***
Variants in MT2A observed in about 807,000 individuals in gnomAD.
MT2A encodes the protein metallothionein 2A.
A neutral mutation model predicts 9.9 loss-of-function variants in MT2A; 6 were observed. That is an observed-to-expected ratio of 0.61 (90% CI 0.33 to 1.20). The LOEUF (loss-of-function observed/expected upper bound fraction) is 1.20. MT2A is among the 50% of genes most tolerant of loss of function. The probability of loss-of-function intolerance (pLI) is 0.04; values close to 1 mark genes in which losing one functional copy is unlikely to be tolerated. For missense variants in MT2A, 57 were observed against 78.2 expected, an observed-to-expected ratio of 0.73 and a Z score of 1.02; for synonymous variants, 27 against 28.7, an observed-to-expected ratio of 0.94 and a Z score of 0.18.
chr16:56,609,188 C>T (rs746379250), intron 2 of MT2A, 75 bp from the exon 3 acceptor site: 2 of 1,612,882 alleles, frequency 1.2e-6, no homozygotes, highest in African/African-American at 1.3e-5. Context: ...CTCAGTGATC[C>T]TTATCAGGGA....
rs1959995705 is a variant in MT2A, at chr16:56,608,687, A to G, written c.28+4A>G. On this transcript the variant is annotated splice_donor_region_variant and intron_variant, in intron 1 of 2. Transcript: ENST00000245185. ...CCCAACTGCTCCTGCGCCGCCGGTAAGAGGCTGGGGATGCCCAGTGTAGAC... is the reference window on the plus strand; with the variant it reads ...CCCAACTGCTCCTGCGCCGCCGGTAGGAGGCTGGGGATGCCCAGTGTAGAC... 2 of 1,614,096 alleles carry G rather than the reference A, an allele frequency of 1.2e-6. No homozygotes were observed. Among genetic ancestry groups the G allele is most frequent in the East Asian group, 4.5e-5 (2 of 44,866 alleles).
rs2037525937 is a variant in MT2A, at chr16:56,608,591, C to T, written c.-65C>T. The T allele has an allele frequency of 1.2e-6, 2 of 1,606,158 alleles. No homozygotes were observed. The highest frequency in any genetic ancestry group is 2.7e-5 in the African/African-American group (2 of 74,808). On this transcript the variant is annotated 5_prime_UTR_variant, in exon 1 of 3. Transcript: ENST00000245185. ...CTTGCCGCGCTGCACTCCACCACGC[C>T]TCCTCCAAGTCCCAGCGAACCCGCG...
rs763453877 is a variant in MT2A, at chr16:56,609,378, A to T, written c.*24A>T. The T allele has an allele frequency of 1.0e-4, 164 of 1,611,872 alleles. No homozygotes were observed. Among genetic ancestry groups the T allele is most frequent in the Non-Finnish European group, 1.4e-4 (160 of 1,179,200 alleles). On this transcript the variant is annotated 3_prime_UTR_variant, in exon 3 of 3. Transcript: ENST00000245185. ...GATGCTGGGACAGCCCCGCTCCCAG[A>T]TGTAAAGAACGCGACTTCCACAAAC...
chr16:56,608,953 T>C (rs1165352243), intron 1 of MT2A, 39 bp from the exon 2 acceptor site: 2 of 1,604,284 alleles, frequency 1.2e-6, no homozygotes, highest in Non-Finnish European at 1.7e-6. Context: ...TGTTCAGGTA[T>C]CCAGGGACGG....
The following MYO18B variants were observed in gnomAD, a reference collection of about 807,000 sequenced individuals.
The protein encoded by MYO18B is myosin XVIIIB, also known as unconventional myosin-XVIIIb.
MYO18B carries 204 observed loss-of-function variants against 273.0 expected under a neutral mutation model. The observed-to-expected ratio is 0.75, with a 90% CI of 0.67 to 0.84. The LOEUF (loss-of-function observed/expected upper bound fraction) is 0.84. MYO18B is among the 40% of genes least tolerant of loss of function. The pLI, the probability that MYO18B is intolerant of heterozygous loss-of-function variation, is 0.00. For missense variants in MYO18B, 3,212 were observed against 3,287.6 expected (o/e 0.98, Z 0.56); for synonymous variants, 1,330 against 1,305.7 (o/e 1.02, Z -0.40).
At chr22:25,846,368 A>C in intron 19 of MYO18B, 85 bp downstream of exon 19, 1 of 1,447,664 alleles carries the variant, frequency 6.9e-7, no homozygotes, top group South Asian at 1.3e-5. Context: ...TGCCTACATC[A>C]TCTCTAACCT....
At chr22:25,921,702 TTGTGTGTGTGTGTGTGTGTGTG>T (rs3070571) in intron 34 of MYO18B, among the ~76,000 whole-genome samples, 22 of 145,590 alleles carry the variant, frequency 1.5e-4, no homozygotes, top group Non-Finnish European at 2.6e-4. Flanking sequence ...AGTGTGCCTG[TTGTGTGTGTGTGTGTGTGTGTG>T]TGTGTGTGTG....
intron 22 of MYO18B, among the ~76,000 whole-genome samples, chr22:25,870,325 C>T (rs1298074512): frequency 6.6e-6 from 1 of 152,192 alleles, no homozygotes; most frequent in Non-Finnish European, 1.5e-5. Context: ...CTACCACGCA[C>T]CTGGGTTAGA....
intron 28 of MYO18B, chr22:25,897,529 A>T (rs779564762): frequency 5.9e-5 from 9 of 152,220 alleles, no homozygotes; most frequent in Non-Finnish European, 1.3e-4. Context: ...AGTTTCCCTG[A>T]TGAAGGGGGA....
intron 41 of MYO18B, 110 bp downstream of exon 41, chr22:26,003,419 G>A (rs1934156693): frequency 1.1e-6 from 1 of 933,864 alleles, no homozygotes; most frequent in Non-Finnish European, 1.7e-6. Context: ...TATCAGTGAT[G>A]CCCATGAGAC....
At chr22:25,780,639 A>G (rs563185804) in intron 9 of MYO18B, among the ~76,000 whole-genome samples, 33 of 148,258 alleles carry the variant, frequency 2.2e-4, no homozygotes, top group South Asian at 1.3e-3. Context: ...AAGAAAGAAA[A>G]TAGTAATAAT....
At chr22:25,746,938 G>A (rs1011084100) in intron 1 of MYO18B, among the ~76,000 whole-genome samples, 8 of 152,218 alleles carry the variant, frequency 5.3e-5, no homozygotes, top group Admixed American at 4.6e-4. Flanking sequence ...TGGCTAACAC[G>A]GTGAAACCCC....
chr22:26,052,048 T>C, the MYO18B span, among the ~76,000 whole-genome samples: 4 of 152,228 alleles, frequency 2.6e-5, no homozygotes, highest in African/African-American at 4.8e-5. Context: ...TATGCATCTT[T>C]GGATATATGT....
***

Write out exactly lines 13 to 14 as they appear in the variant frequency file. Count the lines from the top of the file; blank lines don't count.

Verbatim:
At chr22:25,921,702 TTGTGTGTGTGTGTGTGTGTGTG>T (rs3070571) in intron 34 of MYO18B, among the ~76,000 whole-genome samples, 22 of 145,590 alleles carry the variant, frequency 1.5e-4, no homozygotes, top group Non-Finnish European at 2.6e-4. Flanking sequence ...AGTGTGCCTG[TTGTGTGTGTGTGTGTGTGTGTG>T]TGTGTGTGTG....
intron 22 of MYO18B, among the ~76,000 whole-genome samples, chr22:25,870,325 C>T (rs1298074512): frequency 6.6e-6 from 1 of 152,192 alleles, no homozygotes; most frequent in Non-Finnish European, 1.5e-5. Context: ...CTACCACGCA[C>T]CTGGGTTAGA....